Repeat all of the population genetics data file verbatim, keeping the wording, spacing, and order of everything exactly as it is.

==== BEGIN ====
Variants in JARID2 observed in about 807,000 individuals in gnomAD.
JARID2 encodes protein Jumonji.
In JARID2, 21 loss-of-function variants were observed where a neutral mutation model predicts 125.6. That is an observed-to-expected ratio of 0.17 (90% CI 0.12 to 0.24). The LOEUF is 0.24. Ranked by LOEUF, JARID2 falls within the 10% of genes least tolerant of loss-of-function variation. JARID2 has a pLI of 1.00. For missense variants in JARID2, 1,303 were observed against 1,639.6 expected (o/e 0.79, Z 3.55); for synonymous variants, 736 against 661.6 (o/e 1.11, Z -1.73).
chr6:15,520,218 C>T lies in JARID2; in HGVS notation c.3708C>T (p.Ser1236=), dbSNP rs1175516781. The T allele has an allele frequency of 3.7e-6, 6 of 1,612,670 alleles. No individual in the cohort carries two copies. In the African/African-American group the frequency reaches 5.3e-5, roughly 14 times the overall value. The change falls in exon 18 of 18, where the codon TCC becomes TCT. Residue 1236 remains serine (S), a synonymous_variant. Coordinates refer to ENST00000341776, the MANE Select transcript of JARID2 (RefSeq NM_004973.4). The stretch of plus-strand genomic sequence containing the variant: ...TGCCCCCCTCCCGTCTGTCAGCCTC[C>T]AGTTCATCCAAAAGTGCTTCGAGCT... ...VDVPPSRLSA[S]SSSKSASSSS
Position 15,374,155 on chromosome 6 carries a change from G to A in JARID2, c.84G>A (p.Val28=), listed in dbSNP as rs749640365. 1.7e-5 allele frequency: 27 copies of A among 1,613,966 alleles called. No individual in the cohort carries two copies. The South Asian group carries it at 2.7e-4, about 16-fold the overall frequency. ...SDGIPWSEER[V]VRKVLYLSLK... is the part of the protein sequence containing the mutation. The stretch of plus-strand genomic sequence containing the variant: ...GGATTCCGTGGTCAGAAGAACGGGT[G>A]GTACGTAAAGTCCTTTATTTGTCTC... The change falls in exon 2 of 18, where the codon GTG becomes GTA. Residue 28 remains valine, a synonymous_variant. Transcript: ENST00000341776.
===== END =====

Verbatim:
Variants in JARID2 observed in about 807,000 individuals in gnomAD.
JARID2 encodes protein Jumonji.
In JARID2, 21 loss-of-function variants were observed where a neutral mutation model predicts 125.6. That is an observed-to-expected ratio of 0.17 (90% CI 0.12 to 0.24). The LOEUF is 0.24. Ranked by LOEUF, JARID2 falls within the 10% of genes least tolerant of loss-of-function variation. JARID2 has a pLI of 1.00. For missense variants in JARID2, 1,303 were observed against 1,639.6 expected (o/e 0.79, Z 3.55); for synonymous variants, 736 against 661.6 (o/e 1.11, Z -1.73).
chr6:15,520,218 C>T lies in JARID2; in HGVS notation c.3708C>T (p.Ser1236=), dbSNP rs1175516781. The T allele has an allele frequency of 3.7e-6, 6 of 1,612,670 alleles. No individual in the cohort carries two copies. In the African/African-American group the frequency reaches 5.3e-5, roughly 14 times the overall value. The change falls in exon 18 of 18, where the codon TCC becomes TCT. Residue 1236 remains serine (S), a synonymous_variant. Coordinates refer to ENST00000341776, the MANE Select transcript of JARID2 (RefSeq NM_004973.4). The stretch of plus-strand genomic sequence containing the variant: ...TGCCCCCCTCCCGTCTGTCAGCCTC[C>T]AGTTCATCCAAAAGTGCTTCGAGCT... ...VDVPPSRLSA[S]SSSKSASSSS
Position 15,374,155 on chromosome 6 carries a change from G to A in JARID2, c.84G>A (p.Val28=), listed in dbSNP as rs749640365. 1.7e-5 allele frequency: 27 copies of A among 1,613,966 alleles called. No individual in the cohort carries two copies. The South Asian group carries it at 2.7e-4, about 16-fold the overall frequency. ...SDGIPWSEER[V]VRKVLYLSLK... is the part of the protein sequence containing the mutation. The stretch of plus-strand genomic sequence containing the variant: ...GGATTCCGTGGTCAGAAGAACGGGT[G>A]GTACGTAAAGTCCTTTATTTGTCTC... The change falls in exon 2 of 18, where the codon GTG becomes GTA. Residue 28 remains valine, a synonymous_variant. Transcript: ENST00000341776.